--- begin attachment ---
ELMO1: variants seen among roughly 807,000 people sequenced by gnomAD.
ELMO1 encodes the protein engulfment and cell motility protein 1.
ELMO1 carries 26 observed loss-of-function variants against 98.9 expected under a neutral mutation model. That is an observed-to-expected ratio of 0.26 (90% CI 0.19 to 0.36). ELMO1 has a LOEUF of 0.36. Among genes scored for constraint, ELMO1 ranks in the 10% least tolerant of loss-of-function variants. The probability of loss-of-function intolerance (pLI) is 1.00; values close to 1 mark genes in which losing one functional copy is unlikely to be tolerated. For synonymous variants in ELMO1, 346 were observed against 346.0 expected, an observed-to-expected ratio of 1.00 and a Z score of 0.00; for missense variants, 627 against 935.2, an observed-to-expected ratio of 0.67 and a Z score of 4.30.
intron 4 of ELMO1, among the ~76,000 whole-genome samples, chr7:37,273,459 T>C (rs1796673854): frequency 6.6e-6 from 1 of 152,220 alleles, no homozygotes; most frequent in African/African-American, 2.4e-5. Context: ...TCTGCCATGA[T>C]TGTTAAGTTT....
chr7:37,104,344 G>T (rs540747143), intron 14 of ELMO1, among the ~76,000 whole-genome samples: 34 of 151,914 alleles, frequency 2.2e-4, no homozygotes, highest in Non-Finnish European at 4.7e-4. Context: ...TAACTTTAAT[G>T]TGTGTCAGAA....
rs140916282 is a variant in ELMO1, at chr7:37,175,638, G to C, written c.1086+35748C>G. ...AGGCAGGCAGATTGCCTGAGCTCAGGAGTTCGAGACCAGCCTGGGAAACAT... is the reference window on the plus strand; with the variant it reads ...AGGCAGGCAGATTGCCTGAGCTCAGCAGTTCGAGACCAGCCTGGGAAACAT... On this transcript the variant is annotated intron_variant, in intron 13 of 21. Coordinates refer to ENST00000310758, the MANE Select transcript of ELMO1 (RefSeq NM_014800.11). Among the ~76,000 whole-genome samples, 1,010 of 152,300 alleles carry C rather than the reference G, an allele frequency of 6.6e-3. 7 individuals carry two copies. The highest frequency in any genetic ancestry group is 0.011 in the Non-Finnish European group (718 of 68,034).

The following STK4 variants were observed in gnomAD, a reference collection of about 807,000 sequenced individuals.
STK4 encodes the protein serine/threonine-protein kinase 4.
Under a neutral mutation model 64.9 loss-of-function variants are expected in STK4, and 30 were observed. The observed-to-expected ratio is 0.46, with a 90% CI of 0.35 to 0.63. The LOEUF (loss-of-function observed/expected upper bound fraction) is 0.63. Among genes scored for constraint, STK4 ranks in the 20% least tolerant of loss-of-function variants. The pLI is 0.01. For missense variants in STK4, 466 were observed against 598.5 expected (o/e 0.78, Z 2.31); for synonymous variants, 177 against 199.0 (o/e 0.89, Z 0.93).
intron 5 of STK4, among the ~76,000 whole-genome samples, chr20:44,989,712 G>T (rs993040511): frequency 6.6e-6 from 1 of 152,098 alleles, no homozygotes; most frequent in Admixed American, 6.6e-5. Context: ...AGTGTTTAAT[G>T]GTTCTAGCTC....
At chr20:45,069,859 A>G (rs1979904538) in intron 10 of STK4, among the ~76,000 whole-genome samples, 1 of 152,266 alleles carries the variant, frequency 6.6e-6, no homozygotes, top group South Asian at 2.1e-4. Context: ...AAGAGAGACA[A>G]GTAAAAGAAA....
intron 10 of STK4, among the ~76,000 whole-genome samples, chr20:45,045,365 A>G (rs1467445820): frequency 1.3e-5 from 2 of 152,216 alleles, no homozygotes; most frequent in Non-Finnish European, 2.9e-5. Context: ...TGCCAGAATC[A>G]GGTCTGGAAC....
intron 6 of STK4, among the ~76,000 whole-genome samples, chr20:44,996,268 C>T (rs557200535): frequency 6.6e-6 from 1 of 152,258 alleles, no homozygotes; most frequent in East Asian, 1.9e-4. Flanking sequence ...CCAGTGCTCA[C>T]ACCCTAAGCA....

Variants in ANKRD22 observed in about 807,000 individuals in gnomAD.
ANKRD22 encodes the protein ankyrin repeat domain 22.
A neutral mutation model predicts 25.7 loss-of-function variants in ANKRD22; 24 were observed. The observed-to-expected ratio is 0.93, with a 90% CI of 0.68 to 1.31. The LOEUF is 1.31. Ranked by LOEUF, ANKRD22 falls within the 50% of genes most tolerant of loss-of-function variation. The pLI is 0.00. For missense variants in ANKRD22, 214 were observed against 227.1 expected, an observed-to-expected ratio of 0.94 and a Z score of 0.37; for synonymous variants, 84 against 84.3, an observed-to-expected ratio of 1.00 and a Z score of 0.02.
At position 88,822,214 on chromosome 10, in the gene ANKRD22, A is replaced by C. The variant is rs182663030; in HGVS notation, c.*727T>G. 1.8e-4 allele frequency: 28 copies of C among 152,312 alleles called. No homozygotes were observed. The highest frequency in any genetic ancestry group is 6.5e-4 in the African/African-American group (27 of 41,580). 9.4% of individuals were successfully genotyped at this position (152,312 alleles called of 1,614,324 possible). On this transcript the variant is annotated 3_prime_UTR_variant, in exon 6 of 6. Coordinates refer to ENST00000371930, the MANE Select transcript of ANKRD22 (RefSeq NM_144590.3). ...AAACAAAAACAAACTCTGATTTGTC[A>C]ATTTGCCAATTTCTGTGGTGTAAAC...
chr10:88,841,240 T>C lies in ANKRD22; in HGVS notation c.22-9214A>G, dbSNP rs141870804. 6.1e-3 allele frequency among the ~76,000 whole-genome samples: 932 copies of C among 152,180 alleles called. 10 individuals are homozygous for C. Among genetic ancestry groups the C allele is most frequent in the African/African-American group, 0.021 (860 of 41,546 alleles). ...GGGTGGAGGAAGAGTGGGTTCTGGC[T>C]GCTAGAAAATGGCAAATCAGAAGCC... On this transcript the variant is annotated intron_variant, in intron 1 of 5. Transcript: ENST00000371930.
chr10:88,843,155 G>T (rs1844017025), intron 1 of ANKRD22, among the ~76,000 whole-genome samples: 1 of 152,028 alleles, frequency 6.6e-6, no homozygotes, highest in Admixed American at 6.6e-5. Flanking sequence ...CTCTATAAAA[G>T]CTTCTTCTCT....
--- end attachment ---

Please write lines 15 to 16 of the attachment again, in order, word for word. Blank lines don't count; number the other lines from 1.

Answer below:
ANKRD22 encodes the protein ankyrin repeat domain 22.
A neutral mutation model predicts 25.7 loss-of-function variants in ANKRD22; 24 were observed. The observed-to-expected ratio is 0.93, with a 90% CI of 0.68 to 1.31. The LOEUF is 1.31. Ranked by LOEUF, ANKRD22 falls within the 50% of genes most tolerant of loss-of-function variation. The pLI is 0.00. For missense variants in ANKRD22, 214 were observed against 227.1 expected, an observed-to-expected ratio of 0.94 and a Z score of 0.37; for synonymous variants, 84 against 84.3, an observed-to-expected ratio of 1.00 and a Z score of 0.02.